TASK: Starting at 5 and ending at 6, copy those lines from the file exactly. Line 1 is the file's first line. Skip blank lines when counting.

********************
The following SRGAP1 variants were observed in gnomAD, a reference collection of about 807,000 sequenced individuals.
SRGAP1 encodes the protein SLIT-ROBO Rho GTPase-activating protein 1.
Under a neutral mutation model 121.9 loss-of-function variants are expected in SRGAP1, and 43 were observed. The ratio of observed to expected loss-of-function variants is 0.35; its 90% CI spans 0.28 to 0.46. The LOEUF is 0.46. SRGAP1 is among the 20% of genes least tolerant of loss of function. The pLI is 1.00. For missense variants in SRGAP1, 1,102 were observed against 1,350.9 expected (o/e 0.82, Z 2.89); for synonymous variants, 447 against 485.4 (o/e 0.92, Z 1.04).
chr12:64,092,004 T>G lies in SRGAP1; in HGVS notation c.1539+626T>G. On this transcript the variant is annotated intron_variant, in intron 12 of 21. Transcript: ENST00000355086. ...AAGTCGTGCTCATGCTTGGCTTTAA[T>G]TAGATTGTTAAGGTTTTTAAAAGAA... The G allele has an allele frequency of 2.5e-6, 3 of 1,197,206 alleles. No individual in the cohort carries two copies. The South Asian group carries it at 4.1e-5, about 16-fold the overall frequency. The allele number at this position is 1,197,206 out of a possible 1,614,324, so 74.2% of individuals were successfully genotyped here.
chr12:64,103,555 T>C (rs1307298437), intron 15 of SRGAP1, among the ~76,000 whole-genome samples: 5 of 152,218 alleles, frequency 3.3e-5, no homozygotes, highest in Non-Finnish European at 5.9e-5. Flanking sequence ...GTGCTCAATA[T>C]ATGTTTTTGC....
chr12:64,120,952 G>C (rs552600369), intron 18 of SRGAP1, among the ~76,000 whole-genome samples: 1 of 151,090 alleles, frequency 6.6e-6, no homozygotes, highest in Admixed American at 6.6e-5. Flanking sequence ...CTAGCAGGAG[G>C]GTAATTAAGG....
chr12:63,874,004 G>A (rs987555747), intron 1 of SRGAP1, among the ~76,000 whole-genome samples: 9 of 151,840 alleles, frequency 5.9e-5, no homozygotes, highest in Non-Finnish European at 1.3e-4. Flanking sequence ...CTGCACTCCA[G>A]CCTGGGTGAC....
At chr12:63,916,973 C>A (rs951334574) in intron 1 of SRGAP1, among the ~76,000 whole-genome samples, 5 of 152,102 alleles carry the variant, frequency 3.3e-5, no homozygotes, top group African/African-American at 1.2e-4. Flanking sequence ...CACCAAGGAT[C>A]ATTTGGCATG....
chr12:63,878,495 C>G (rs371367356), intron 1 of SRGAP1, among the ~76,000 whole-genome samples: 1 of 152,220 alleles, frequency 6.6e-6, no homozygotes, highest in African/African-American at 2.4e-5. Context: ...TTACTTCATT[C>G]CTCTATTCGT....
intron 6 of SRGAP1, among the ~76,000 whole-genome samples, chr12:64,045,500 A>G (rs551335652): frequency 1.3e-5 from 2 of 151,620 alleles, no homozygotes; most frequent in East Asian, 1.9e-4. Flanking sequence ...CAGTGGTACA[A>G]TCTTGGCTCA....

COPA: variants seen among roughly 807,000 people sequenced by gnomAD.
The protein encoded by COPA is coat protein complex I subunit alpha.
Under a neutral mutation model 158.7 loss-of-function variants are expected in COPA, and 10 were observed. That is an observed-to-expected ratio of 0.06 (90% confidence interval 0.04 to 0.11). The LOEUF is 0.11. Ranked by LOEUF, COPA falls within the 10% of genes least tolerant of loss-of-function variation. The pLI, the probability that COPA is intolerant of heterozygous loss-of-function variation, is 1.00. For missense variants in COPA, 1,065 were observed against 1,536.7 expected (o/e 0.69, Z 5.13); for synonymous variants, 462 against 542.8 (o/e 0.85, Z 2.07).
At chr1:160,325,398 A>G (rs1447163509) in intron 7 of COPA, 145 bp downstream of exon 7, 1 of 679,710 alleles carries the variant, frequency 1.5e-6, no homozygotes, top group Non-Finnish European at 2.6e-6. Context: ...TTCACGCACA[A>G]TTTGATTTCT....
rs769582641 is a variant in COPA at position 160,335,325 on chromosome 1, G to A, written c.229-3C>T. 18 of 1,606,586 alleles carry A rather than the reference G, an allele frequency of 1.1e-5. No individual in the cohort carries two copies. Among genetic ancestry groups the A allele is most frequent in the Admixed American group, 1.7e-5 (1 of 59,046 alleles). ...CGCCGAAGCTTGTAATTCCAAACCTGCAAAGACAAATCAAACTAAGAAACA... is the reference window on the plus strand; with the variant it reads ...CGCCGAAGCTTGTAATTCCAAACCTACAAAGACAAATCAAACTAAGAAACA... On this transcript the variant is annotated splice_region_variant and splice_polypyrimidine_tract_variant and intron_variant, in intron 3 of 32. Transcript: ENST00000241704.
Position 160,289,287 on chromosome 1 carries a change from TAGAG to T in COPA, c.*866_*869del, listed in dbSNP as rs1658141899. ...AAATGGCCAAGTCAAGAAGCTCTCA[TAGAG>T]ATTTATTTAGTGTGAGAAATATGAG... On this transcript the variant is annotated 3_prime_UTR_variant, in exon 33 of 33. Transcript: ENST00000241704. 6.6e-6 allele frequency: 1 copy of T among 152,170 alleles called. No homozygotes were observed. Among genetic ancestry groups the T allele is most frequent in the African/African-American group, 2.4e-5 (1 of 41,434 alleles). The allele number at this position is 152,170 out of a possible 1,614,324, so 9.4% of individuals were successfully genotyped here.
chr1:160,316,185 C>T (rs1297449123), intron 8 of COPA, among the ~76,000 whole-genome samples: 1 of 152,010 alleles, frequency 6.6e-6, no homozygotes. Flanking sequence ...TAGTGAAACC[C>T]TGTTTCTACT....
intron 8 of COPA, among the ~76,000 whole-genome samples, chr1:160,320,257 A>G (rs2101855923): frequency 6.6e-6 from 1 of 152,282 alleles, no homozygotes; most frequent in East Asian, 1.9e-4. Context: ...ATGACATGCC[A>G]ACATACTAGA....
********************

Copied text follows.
chr12:64,103,555 T>C (rs1307298437), intron 15 of SRGAP1, among the ~76,000 whole-genome samples: 5 of 152,218 alleles, frequency 3.3e-5, no homozygotes, highest in Non-Finnish European at 5.9e-5. Flanking sequence ...GTGCTCAATA[T>C]ATGTTTTTGC....
chr12:64,120,952 G>C (rs552600369), intron 18 of SRGAP1, among the ~76,000 whole-genome samples: 1 of 151,090 alleles, frequency 6.6e-6, no homozygotes, highest in Admixed American at 6.6e-5. Flanking sequence ...CTAGCAGGAG[G>C]GTAATTAAGG....